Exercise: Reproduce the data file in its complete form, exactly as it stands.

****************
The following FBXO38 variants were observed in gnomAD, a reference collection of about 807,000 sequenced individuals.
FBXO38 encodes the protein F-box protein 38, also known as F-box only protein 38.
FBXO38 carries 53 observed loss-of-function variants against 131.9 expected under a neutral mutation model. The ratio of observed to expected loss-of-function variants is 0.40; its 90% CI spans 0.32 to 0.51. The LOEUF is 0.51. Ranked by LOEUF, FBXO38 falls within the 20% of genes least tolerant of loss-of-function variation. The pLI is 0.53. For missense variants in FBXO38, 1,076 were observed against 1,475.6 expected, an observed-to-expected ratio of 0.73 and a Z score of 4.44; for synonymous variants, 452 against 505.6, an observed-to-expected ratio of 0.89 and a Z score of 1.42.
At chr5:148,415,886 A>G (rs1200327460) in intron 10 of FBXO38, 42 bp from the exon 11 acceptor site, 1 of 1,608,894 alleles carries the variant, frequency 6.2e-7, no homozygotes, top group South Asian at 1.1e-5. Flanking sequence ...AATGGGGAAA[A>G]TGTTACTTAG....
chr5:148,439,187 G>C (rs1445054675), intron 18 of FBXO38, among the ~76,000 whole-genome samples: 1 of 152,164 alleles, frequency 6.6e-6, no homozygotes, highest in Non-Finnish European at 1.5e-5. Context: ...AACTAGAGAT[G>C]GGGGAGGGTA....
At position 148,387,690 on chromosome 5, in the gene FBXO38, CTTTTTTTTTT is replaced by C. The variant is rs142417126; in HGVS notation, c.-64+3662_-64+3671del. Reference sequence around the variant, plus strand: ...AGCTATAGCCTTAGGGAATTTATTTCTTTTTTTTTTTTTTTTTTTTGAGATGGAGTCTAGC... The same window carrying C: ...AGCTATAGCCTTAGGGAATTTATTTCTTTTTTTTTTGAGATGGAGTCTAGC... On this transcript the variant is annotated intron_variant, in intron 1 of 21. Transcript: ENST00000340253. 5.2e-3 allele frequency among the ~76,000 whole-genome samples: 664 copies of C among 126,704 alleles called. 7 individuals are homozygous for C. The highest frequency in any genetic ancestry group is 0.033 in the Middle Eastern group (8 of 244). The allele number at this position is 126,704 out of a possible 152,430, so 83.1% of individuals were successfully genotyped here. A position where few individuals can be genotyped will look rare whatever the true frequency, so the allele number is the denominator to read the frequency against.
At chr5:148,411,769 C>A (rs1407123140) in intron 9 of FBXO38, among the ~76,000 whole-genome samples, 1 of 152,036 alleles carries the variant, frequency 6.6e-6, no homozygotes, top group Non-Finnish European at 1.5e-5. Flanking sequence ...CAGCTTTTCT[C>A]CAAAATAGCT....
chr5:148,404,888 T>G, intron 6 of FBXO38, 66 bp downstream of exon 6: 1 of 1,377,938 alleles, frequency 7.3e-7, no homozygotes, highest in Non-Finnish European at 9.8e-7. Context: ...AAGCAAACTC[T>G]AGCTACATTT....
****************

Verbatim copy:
The following FBXO38 variants were observed in gnomAD, a reference collection of about 807,000 sequenced individuals.
FBXO38 encodes the protein F-box protein 38, also known as F-box only protein 38.
FBXO38 carries 53 observed loss-of-function variants against 131.9 expected under a neutral mutation model. The ratio of observed to expected loss-of-function variants is 0.40; its 90% CI spans 0.32 to 0.51. The LOEUF is 0.51. Ranked by LOEUF, FBXO38 falls within the 20% of genes least tolerant of loss-of-function variation. The pLI is 0.53. For missense variants in FBXO38, 1,076 were observed against 1,475.6 expected, an observed-to-expected ratio of 0.73 and a Z score of 4.44; for synonymous variants, 452 against 505.6, an observed-to-expected ratio of 0.89 and a Z score of 1.42.
At chr5:148,415,886 A>G (rs1200327460) in intron 10 of FBXO38, 42 bp from the exon 11 acceptor site, 1 of 1,608,894 alleles carries the variant, frequency 6.2e-7, no homozygotes, top group South Asian at 1.1e-5. Flanking sequence ...AATGGGGAAA[A>G]TGTTACTTAG....
chr5:148,439,187 G>C (rs1445054675), intron 18 of FBXO38, among the ~76,000 whole-genome samples: 1 of 152,164 alleles, frequency 6.6e-6, no homozygotes, highest in Non-Finnish European at 1.5e-5. Context: ...AACTAGAGAT[G>C]GGGGAGGGTA....
At position 148,387,690 on chromosome 5, in the gene FBXO38, CTTTTTTTTTT is replaced by C. The variant is rs142417126; in HGVS notation, c.-64+3662_-64+3671del. Reference sequence around the variant, plus strand: ...AGCTATAGCCTTAGGGAATTTATTTCTTTTTTTTTTTTTTTTTTTTGAGATGGAGTCTAGC... The same window carrying C: ...AGCTATAGCCTTAGGGAATTTATTTCTTTTTTTTTTGAGATGGAGTCTAGC... On this transcript the variant is annotated intron_variant, in intron 1 of 21. Transcript: ENST00000340253. 5.2e-3 allele frequency among the ~76,000 whole-genome samples: 664 copies of C among 126,704 alleles called. 7 individuals are homozygous for C. The highest frequency in any genetic ancestry group is 0.033 in the Middle Eastern group (8 of 244). The allele number at this position is 126,704 out of a possible 152,430, so 83.1% of individuals were successfully genotyped here. A position where few individuals can be genotyped will look rare whatever the true frequency, so the allele number is the denominator to read the frequency against.
At chr5:148,411,769 C>A (rs1407123140) in intron 9 of FBXO38, among the ~76,000 whole-genome samples, 1 of 152,036 alleles carries the variant, frequency 6.6e-6, no homozygotes, top group Non-Finnish European at 1.5e-5. Flanking sequence ...CAGCTTTTCT[C>A]CAAAATAGCT....
chr5:148,404,888 T>G, intron 6 of FBXO38, 66 bp downstream of exon 6: 1 of 1,377,938 alleles, frequency 7.3e-7, no homozygotes, highest in Non-Finnish European at 9.8e-7. Context: ...AAGCAAACTC[T>G]AGCTACATTT....